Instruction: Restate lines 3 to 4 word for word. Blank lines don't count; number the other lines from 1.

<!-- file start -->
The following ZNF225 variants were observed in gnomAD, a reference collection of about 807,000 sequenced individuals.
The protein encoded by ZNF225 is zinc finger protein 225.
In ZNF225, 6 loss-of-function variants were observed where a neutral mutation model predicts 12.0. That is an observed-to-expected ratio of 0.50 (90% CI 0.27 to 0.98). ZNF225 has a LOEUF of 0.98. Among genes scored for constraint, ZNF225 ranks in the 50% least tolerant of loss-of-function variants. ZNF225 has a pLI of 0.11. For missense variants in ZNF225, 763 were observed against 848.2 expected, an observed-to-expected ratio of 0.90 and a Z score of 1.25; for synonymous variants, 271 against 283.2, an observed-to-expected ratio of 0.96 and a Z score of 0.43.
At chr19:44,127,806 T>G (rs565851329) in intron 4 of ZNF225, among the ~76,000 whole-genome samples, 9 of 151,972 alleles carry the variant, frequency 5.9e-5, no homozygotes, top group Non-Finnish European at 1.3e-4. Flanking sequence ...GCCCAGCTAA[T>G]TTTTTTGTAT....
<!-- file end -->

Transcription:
In ZNF225, 6 loss-of-function variants were observed where a neutral mutation model predicts 12.0. That is an observed-to-expected ratio of 0.50 (90% CI 0.27 to 0.98). ZNF225 has a LOEUF of 0.98. Among genes scored for constraint, ZNF225 ranks in the 50% least tolerant of loss-of-function variants. ZNF225 has a pLI of 0.11. For missense variants in ZNF225, 763 were observed against 848.2 expected, an observed-to-expected ratio of 0.90 and a Z score of 1.25; for synonymous variants, 271 against 283.2, an observed-to-expected ratio of 0.96 and a Z score of 0.43.
At chr19:44,127,806 T>G (rs565851329) in intron 4 of ZNF225, among the ~76,000 whole-genome samples, 9 of 151,972 alleles carry the variant, frequency 5.9e-5, no homozygotes, top group Non-Finnish European at 1.3e-4. Flanking sequence ...GCCCAGCTAA[T>G]TTTTTTGTAT....